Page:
Firstly, let’s figure out what do you meant by SOLID Principles. SOLID principles are set of five principles that can be used in Object-Oriented programming. It’s a set of best practices / design patterns to follow when you are designing a class/object structure.
One famous quote in software engineering is “It is not enough for code to work” by Robert C Martin, Clean Code. Keeping that in mind let’s evaluate the SOILD principles and how it will help software development in the long run.
When and why we need to apply SOLID?
SOLID principles will help us to lay the foundation on building clean and maintainable architectures.
When you don’t design your application with best practices, you will end up with many issues sooner than later. For examples
- High Code Fragility: Fragility is the tendency of the software to break in many places when every time its changed
- High Code Rigidity: Rigidity is the tendency for software to be difficult to change, even in simple ways
Having fragility and rigidity in your project means having symptoms of tech debt, which is the silent killer of all software projects. In most of the software development process, with the business priority and push towards for quick delivery, engineers tend to prioritize fast delivery over code quality which will tend to introduce technical debt.
Applying SOLID principles help us to control the technical debt. What are those SOLID Principles?
- SRP – Single Responsibility Principle
- OCP – Open Close Principle
- LSP – Liskov Substitution Principle
- ISP – Interface Segregation Principle
- DIP – Dependency Inversion Principle
Let’s take each principle one by one and understand it in very high level so we can apply them in our projects.
Single Responsibility Principle (SRP)
A Class should do only one thing, and therefore it should have only a single reason to change. Some of the common responsibilities in our code are, Business Logic, User Interface, Persistence, Logging and Orchestration.
A common anti-pattern is that, In an Invoice class having the implementation of printInvoice and saveToFile like functions. Ideally those two should be in different classes. Those classes might be InvoicePrinter and InvoicePersistence and those classes will have a single responsibility.
Also avoid common Utils class for having all helper functions. Have specialized classes where you can have them.
Open Close Principle (OCP)
OCP means, Classes should be open for extension and closed to modification. Closed for modification means that each new feature should not modify existing source code. Open for extensions means a component should be extendable to make it behave in new ways.
There are two OCP implementation strategies. One is via Inheritance and other via Strategy pattern. The common usage is to use the strategy pattern to extend the behaviors. For example, having an interface called InvoicePersistence and implementing any number of different classes (DB persistence, File Persistence) based on the main interface. This ensure Invoice Persistence is extendable in many ways.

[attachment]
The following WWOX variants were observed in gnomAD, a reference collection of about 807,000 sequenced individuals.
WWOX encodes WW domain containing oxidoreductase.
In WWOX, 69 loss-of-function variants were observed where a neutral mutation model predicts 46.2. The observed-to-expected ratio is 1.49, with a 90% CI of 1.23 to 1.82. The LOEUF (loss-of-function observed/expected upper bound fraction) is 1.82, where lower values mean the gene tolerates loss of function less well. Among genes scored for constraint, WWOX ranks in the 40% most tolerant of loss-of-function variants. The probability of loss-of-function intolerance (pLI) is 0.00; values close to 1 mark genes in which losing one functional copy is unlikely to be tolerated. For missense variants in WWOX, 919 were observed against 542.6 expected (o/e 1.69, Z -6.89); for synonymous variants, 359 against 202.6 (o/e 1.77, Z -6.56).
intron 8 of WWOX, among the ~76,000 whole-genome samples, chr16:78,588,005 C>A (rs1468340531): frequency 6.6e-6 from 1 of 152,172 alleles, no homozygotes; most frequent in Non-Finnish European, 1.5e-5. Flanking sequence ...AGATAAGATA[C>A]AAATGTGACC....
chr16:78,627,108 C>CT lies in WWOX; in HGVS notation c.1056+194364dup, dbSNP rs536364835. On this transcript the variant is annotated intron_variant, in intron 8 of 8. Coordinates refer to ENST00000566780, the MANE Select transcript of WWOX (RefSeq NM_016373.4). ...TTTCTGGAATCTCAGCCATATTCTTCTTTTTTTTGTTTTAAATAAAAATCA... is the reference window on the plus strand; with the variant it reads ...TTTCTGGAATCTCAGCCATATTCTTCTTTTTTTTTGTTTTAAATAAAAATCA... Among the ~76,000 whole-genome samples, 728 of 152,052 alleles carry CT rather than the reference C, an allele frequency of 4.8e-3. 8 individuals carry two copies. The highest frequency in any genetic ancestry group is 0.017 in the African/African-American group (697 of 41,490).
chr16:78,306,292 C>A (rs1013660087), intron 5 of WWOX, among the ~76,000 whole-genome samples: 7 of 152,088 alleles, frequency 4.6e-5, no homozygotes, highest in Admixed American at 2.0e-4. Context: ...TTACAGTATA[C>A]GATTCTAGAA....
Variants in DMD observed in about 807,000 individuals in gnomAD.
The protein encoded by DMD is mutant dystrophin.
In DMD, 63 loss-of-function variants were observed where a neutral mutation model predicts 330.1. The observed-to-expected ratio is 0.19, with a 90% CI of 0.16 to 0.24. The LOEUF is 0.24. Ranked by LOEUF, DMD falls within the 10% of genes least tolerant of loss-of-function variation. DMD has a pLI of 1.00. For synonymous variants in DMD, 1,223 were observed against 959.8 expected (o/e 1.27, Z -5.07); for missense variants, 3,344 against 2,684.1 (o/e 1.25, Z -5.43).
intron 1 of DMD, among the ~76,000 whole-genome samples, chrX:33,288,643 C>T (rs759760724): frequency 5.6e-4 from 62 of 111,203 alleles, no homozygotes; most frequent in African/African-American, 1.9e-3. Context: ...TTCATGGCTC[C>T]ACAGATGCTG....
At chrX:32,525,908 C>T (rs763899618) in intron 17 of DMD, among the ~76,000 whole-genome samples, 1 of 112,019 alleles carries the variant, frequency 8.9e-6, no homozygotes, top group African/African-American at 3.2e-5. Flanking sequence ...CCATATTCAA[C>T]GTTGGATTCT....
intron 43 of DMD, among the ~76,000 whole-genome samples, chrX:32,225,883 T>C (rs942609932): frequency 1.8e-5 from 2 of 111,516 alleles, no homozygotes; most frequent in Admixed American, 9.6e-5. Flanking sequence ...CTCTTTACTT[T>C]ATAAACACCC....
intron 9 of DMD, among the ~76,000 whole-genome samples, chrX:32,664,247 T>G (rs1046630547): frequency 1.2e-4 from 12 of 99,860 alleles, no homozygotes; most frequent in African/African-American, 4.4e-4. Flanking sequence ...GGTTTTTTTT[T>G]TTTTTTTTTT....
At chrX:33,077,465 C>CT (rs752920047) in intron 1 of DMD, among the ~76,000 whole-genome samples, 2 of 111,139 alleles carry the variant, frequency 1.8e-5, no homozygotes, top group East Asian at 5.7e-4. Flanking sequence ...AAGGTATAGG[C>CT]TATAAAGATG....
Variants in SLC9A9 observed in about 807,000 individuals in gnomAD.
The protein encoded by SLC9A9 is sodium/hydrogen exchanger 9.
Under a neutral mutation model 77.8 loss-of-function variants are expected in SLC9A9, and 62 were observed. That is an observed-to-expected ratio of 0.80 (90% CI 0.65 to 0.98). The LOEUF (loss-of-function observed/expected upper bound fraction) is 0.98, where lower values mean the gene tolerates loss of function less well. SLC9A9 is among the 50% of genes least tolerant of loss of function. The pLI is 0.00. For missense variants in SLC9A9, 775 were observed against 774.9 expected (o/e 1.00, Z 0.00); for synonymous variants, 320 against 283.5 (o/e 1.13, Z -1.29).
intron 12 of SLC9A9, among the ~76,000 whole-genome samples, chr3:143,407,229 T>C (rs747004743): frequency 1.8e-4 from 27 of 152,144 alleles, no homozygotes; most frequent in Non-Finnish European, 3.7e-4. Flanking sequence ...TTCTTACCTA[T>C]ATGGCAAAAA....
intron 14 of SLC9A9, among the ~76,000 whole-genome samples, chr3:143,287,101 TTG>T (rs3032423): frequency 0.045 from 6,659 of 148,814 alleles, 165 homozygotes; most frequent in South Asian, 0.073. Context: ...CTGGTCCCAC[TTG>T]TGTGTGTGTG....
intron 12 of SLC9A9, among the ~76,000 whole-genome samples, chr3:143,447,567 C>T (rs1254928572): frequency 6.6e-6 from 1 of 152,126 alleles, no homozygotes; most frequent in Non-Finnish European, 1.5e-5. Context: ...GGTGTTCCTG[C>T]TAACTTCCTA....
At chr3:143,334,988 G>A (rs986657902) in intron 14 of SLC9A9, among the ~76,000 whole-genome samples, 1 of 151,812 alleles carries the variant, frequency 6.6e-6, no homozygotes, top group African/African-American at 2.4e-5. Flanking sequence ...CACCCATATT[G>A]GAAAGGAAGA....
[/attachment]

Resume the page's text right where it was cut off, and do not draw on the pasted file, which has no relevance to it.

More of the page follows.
Liskov Substitution Principle (LSP)
What is Liskov principle? In simple terms, “Any object of a type must be substitutable by objects of a derived typed without altering the existing functionality of that program”. Rather than thinking about the Is-a relationship, just think on Is-substitutable-by in object relationships of your application context and design the objects hierarchy is the key takeaway of LSP. We will observe violations of LSP, when there are partial implemented interfaces in classes (functions which are throwing not implemented exception). Therefore, avoid empty implementations and have proper class hierarchy to avoid such scenarios.
Interface Segregation Principle (ISP)
The key point to note here is that, the term interface is not referring to Java Interface. It can be an interface or abstract class in your application. By definition ISP defined as “Clients should not be forced to depend on methods that they do not use”. Therefore, having small interfaces with a single focus will comply the ISP. By doing so, it will reinforce the LSP and SRP. Key advantage of lean interface is that, minimize dependencies on unused members and reduce code coupling. How to identify that you have “Fat” interface? it’s not much difficult, if you see an interface with large number of method definitions is a symptom for Fat interface. Analyze the interfaces and break it down is the way forward. If you are dealing with legacy code and wanted to refactor the code to adhere the ISP, then you can use the “Adaptor” design pattern to fix the existing issues.
Dependency Inversion Principle (DIP)
This principle mainly captures key two concepts, Dependency Injection (DI) and Inversion of Control (IoC) and how those should be used in our application. Those two concepts are well known concepts, following reference link will explain them in detail. (DI, IoC) Java framework like Spring framework have those two concepts in-build.
This conclude the five principles under SOLID principles. You can find good code samples under the reference section for each principle as well. In addition to SOLID, there are few other ways to keep your architecture clean, for example: constant refactoring, application of design patterns, TDD / Unit testing. When you apply SOLID Principles, you will also get the following as short and long-term benefits.
- Code will be easy to understand and reason about
- Changes are faster and have minimum risk level
- Highly maintainable in the long run
- Cost effective
Decision on applying them in correct scenario is totally up to you!